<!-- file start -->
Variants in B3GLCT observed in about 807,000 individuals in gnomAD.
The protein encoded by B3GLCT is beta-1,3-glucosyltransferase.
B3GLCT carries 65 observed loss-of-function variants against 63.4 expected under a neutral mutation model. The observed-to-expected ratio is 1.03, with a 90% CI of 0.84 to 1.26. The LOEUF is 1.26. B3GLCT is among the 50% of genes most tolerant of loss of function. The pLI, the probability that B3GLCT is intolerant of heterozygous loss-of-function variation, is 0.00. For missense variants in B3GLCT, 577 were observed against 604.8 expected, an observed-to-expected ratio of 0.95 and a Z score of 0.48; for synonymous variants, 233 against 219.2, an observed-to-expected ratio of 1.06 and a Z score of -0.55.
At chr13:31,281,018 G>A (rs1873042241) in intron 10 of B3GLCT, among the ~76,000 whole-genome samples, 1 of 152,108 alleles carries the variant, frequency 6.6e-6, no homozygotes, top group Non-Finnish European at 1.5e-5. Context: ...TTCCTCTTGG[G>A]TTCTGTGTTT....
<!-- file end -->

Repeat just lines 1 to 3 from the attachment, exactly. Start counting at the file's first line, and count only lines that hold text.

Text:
Variants in B3GLCT observed in about 807,000 individuals in gnomAD.
The protein encoded by B3GLCT is beta-1,3-glucosyltransferase.
B3GLCT carries 65 observed loss-of-function variants against 63.4 expected under a neutral mutation model. The observed-to-expected ratio is 1.03, with a 90% CI of 0.84 to 1.26. The LOEUF is 1.26. B3GLCT is among the 50% of genes most tolerant of loss of function. The pLI, the probability that B3GLCT is intolerant of heterozygous loss-of-function variation, is 0.00. For missense variants in B3GLCT, 577 were observed against 604.8 expected, an observed-to-expected ratio of 0.95 and a Z score of 0.48; for synonymous variants, 233 against 219.2, an observed-to-expected ratio of 1.06 and a Z score of -0.55.